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B-1 Visas: Visas for Personal or Domestic Employees


You may apply for a B-1 visitor visa to work in the United States as a personal or domestic employee for your employer in limited situations.  You may work in the United States on a visitor visa if your employer is:

  • A U.S. citizen who has a permanent home or is stationed in a foreign country, but is visiting or is assigned to the United States temporarily; or
  • A foreign citizen who is in the United States on one of the following nonimmigrant visa categories:  B, E, F, H, I, J, L, M, O, P, or Q.

Learn more about your rights in the United States and protection available to you by reading the Legal Rights and Protections pamphlet.

Application Process

Step 1: Complete the online Nonimmigrant Visa Application, Form DS-160.

Step 2: Go to the U.S. Visa Appointment Service website:

  1. Create a user account.
  2. Add information to complete the registration.
  3. Enter the DS-160 confirmation number.
  4. Select a Document Service Center (DSC) location.
  5. Pay the nonimmigrant visa (MRV) application fee: Pay online or in person at Scotiabank.
  6. Schedule an appointment.

Step 3: Gather required documentation to bring to your appointment.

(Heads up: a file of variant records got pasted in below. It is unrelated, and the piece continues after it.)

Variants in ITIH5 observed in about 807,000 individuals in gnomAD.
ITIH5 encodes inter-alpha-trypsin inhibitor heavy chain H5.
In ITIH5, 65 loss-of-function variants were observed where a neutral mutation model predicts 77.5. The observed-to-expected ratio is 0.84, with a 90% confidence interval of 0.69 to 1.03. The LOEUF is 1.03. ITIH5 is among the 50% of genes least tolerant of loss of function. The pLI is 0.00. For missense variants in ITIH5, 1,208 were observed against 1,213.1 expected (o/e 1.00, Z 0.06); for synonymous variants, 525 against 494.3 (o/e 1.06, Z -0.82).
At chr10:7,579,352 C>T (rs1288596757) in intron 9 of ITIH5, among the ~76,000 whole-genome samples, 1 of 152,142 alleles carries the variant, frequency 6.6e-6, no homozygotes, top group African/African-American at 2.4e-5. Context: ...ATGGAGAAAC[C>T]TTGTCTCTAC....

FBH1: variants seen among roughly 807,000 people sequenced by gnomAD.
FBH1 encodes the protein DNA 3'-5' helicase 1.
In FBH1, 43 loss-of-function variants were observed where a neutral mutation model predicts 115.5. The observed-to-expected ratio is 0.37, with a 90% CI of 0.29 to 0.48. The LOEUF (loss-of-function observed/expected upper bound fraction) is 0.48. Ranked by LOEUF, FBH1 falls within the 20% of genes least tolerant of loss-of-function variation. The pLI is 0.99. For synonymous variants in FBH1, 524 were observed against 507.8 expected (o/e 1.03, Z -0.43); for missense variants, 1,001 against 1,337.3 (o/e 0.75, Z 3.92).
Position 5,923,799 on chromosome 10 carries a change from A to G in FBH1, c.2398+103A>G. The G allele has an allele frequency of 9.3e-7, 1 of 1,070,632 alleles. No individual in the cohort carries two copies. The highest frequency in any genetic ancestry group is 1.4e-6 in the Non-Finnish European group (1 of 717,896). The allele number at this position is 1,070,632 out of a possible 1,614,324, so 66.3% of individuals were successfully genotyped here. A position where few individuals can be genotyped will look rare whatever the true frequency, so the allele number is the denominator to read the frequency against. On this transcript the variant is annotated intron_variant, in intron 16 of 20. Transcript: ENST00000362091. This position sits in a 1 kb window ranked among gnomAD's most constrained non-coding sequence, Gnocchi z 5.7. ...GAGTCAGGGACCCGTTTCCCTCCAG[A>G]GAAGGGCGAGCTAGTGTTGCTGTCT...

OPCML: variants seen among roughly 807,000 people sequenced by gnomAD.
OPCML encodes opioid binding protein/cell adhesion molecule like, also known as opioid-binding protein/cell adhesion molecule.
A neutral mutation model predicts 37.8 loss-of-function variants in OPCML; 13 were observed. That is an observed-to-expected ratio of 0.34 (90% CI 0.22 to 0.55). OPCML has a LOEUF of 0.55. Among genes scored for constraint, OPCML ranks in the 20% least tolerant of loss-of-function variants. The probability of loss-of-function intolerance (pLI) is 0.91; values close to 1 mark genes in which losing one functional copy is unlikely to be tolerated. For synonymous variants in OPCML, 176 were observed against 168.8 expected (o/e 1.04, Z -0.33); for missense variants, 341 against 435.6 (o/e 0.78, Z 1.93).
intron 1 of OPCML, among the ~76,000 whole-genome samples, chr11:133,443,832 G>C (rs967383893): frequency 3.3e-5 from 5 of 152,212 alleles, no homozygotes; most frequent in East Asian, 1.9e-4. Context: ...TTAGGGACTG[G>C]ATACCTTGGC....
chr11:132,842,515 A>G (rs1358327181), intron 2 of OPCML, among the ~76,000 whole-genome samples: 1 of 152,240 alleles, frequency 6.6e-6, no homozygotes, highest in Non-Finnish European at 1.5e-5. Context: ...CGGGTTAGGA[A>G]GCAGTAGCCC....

• DS-160 confirmation page with the barcode.
  • Valid Peruvian passport with a minimum of six (6) months validity.
  • Previous passports and visas, if applicable.
  • 2″ x 2″ (5 cm x 5 cm) color photograph on a white background, either uploaded to the system or sent with the documents.
  • Evidence must be provided that shows the employer’s proof of ability to pay the employee’s wages while in the United States.
  • Signed employment contract, in English as well as in a language you understand.  The contract must contain the following:
    • A description of the work duties of the employee;
    • The number of hours to be worked by the employee per week;
    • The rate of pay. (At least at the level of the state or Federal minimum or prevailing wage, whichever is greater for every hour worked.  Visit the Foreign Labor Certification Data Center website for information about prevailing wage);
    • The number of authorized holidays, vacation, and sick leave days per year;
    • The regular day(s) off each week;
    • The frequency and form of payment;
    • The rate of overtime pay (state law governing overtime rates can be found on the U.S. Department of Labor wages page);
    • Any money deducted for food or lodging, depending on the employer’s visa category;
    • That the employer will not withhold the employee’s passport, employment contract, or other personal property, nor prohibit the employee from leaving the premises when the employee is not on duty;
    • That the employer pay the domestic’s initial travel expenses to the United States and final departure at the termination of the assignment;
    • That the employee will not accept any other employment while working for the employer;
    • That both parties understand that the employee cannot be required to remain on the premises after working hours without compensation;
    • That the employer agrees to abide by all Federal, state, and local laws in the United States.